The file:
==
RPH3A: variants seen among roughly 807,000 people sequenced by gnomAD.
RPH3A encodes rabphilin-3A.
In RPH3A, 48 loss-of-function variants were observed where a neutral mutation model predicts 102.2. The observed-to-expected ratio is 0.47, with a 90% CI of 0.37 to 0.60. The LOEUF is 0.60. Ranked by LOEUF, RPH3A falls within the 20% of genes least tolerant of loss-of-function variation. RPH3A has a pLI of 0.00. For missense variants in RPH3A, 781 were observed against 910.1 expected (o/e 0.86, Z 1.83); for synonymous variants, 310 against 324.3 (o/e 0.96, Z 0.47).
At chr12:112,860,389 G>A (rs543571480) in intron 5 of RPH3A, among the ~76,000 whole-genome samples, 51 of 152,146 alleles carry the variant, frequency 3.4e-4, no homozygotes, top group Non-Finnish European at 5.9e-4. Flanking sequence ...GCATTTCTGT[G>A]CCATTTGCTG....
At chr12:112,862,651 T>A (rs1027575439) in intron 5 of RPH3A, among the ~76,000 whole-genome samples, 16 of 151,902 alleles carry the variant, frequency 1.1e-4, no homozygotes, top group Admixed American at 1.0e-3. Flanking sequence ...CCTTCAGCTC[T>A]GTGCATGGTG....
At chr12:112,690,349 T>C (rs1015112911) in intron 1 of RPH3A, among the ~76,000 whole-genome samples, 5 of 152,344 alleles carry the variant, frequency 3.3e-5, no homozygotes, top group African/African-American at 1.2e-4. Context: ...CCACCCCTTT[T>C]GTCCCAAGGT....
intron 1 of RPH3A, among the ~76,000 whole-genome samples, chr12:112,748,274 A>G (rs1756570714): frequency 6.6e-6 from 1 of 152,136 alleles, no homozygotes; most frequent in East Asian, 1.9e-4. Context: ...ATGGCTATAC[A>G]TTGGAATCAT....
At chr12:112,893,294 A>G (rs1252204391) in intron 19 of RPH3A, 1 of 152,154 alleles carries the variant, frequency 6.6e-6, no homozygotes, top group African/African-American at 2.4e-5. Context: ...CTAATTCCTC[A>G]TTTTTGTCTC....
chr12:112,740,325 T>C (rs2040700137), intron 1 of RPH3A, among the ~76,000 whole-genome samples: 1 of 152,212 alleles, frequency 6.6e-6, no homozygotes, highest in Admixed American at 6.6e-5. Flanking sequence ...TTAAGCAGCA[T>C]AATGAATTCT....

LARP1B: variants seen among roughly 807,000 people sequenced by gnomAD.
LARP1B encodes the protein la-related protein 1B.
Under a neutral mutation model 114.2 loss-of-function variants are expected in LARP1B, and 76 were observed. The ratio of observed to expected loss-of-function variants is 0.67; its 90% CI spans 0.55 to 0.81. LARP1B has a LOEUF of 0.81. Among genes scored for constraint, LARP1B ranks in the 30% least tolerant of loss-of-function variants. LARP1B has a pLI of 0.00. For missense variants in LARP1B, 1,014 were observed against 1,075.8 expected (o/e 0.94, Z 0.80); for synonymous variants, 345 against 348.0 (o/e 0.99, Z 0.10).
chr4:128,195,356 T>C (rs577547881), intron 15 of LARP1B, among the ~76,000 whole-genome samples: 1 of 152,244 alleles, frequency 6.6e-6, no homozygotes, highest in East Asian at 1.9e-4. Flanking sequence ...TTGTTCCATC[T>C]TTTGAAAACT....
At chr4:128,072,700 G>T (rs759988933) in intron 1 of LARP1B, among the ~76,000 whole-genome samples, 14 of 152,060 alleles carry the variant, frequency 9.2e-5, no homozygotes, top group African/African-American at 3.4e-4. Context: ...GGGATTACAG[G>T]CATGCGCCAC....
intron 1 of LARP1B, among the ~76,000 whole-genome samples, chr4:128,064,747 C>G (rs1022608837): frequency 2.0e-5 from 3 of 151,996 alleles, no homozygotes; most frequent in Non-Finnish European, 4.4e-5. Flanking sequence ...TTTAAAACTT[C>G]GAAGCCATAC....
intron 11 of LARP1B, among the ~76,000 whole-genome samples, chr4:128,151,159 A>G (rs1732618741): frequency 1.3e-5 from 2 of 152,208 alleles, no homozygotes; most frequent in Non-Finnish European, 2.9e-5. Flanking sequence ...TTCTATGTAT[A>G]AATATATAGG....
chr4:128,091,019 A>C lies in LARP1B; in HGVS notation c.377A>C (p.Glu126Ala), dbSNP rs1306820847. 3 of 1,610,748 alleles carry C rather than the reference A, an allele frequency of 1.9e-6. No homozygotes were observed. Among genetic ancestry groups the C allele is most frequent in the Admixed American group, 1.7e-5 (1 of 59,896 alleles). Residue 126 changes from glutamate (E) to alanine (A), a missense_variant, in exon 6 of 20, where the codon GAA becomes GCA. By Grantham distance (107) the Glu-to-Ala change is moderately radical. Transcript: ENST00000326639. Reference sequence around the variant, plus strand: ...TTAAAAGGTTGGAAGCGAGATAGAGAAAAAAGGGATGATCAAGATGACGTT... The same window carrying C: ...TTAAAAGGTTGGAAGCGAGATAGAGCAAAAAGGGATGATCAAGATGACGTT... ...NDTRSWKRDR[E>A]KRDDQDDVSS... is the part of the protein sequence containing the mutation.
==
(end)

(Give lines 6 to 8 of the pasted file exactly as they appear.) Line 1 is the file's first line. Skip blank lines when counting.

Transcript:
At chr12:112,690,349 T>C (rs1015112911) in intron 1 of RPH3A, among the ~76,000 whole-genome samples, 5 of 152,344 alleles carry the variant, frequency 3.3e-5, no homozygotes, top group African/African-American at 1.2e-4. Context: ...CCACCCCTTT[T>C]GTCCCAAGGT....
intron 1 of RPH3A, among the ~76,000 whole-genome samples, chr12:112,748,274 A>G (rs1756570714): frequency 6.6e-6 from 1 of 152,136 alleles, no homozygotes; most frequent in East Asian, 1.9e-4. Context: ...ATGGCTATAC[A>G]TTGGAATCAT....
At chr12:112,893,294 A>G (rs1252204391) in intron 19 of RPH3A, 1 of 152,154 alleles carries the variant, frequency 6.6e-6, no homozygotes, top group African/African-American at 2.4e-5. Context: ...CTAATTCCTC[A>G]TTTTTGTCTC....